Monday, June 29, 2009
Ms. Garofalo obviously had not attended any of these rallies. So, organizers of the upcoming July Fourth Tea Bag rally in Dallas invited her. To date, the normally voluable Garofalo has been silent.
Saturday, June 20, 2009
Sunday, June 14, 2009
It seems to me that we may be overthinking the entire immigration question. The very problems and issues confronting America suggest a solution amicable to all parties. Let us more closely examine the issue.
On one hand are those who favor open borders, amnesty and a path to citizenship. Many of these are the would-be immigrants themselves and their home countries.
The governments of those people are unable or unwilling to provide the simplest services or economic opportunities for their people. To do so, would mean the dictators and oligarchs that rule would have to curb their own corruption and even permit the underclass a voice in their ruling circles. This is intolerable because it would necessarily mean such adverse concepts as accountability, power sharing and a fewer dollars pouring into their pockets or off-shore accounts.
Yet to forcibly crack down on those seeking economic and political reform is to risk armed revolt. Even if the existing order were to retain control, it would cost money and might even put some of the oligarchs in physical danger.
So, they must seek a third path.
That is emigration for the opportunity seekers. They facilitate the movement of these elements into the United States via a variety of mechanisms. Mexico’s government-funded Grupo Beta aids would-be immigrants in a variety of ways, including issuing publications on how to cross the Mexican-American border in safety.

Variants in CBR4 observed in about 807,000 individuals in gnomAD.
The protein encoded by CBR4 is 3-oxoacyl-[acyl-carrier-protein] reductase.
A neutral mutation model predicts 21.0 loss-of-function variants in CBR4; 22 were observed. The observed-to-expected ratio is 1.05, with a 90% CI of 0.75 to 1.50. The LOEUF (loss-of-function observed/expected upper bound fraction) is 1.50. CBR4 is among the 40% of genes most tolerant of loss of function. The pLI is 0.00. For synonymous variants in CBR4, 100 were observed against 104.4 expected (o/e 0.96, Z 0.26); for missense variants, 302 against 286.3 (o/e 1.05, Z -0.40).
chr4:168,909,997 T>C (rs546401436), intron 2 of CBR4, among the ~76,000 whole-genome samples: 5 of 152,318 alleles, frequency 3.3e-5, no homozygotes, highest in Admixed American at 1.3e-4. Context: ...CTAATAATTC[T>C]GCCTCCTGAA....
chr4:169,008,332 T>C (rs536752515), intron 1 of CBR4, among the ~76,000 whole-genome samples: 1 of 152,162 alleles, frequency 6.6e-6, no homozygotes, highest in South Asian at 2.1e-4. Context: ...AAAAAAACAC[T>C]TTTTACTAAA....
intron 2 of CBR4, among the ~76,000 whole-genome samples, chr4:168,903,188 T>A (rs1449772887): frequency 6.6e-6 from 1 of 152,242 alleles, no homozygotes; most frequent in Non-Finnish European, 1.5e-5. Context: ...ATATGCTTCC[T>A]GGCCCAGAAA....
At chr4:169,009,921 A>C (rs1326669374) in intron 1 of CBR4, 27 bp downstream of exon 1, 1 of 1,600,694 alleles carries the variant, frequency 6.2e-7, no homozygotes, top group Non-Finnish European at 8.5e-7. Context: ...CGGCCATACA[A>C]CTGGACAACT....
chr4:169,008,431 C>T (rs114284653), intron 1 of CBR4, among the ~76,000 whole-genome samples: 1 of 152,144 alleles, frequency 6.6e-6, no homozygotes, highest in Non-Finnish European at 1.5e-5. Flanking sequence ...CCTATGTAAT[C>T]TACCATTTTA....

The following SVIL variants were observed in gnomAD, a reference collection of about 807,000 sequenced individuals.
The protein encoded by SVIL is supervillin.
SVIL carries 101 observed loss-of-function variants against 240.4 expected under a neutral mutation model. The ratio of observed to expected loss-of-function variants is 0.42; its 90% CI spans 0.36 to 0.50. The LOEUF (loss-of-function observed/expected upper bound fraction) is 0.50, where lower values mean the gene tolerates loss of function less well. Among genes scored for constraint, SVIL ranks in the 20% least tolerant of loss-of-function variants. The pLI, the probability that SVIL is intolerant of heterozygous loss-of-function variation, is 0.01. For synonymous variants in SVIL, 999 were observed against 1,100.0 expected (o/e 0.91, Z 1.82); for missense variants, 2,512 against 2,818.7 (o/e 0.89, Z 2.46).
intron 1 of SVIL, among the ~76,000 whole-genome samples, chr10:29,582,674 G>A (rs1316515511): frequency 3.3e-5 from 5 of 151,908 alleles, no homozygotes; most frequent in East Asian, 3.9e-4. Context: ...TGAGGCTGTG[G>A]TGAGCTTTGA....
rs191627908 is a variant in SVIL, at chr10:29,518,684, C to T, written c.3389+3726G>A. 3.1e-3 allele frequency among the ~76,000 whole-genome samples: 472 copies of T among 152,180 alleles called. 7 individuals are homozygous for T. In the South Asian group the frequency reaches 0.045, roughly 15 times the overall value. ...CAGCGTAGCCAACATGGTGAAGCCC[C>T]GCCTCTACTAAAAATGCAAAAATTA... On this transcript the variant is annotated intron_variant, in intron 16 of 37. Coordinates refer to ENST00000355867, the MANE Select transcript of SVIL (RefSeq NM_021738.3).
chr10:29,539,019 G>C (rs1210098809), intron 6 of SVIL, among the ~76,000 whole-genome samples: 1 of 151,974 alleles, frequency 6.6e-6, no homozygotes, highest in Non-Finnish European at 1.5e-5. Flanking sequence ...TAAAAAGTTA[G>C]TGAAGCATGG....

In addition, the Mexican government, through its consulate in the United States, issues Matricular Consular identification cards, whether in the U.S. legally or not, as an official identification that is recognized by various commercial group on the American side of the border, thus bypassing the inconvenient obstacle of having legal status to obtain other documents required for such things as housing, banking and the like that encumber U.S. citizens and legal aliens.
The immigrants themselves of course are anxious to flee intolerable conditions in their own countries. Often the mantra is heard that these immigrants do the work Americans refuse to do.
That is not quite accurate. What they are doing is working for wages and conditions that Americans would refuse, largely because those salaries and conditions are illegal. However, as oppressive as these conditions seem to an American, they are still many times better than those allowed by the corrupt oligarchs in their home countries.
So, we see on the other side of the border governments that are happy to export their working class so they may hold on to their privileges, and the workers themselves who may obtain a standard of living far above what they could expect in their homeland.